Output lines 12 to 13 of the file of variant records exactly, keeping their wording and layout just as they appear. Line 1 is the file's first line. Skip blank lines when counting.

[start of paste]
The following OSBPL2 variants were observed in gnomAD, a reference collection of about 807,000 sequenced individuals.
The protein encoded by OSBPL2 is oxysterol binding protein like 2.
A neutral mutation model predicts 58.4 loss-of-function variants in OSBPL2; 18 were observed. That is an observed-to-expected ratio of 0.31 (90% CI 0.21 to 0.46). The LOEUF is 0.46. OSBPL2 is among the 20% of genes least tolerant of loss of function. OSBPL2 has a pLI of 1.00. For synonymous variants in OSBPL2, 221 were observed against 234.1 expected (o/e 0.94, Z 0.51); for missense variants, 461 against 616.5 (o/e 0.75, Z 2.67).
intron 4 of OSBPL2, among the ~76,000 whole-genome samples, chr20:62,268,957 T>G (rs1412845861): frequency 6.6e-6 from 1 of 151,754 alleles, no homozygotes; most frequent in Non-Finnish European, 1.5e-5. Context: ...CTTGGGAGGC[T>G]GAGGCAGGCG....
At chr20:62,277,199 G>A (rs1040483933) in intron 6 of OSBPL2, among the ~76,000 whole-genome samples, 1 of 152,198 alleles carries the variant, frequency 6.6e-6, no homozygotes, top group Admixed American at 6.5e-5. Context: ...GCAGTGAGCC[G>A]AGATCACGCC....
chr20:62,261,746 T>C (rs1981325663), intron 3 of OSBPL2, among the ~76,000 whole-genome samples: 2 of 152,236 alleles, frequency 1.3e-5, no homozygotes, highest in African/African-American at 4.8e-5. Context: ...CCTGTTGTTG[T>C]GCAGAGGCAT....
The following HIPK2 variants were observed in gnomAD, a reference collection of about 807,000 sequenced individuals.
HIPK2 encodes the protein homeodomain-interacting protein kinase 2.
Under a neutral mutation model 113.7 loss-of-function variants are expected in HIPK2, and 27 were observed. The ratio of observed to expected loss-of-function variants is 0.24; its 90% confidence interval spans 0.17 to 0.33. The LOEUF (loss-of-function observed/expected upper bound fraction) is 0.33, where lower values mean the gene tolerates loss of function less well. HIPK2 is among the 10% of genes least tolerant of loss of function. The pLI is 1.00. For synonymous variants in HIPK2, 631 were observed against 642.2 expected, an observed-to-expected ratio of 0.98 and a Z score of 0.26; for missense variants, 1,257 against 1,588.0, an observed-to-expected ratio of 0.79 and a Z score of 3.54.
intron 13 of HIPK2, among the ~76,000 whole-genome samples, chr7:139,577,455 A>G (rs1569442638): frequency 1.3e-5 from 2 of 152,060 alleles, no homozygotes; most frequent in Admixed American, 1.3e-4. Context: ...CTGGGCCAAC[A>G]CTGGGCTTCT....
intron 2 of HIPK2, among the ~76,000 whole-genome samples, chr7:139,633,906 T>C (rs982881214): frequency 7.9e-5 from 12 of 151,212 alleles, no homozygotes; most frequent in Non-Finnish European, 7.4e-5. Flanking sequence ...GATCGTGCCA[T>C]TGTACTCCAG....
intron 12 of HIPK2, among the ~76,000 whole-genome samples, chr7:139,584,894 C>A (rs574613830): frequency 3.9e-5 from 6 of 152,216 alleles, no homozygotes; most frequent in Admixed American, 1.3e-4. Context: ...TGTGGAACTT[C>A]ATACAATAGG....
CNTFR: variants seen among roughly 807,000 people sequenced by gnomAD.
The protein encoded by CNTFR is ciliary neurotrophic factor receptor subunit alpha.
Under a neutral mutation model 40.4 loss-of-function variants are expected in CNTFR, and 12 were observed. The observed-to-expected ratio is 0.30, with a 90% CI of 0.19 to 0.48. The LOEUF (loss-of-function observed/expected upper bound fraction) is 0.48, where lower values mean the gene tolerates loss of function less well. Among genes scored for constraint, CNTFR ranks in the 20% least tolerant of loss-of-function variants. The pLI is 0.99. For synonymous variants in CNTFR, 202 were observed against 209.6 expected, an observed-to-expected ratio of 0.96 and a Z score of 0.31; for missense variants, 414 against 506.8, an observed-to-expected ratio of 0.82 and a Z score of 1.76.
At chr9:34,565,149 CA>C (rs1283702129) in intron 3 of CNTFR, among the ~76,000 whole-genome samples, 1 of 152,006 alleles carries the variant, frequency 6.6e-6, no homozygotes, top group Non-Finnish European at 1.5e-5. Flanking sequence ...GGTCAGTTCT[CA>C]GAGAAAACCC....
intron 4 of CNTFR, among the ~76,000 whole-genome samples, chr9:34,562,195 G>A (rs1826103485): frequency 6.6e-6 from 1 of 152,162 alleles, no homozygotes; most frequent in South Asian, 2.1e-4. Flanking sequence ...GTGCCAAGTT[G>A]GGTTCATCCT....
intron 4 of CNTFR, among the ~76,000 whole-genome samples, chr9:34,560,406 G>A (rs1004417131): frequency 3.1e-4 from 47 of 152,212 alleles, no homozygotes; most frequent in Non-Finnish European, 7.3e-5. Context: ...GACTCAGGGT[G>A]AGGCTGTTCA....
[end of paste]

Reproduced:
intron 12 of HIPK2, among the ~76,000 whole-genome samples, chr7:139,584,894 C>A (rs574613830): frequency 3.9e-5 from 6 of 152,216 alleles, no homozygotes; most frequent in Admixed American, 1.3e-4. Context: ...TGTGGAACTT[C>A]ATACAATAGG....
CNTFR: variants seen among roughly 807,000 people sequenced by gnomAD.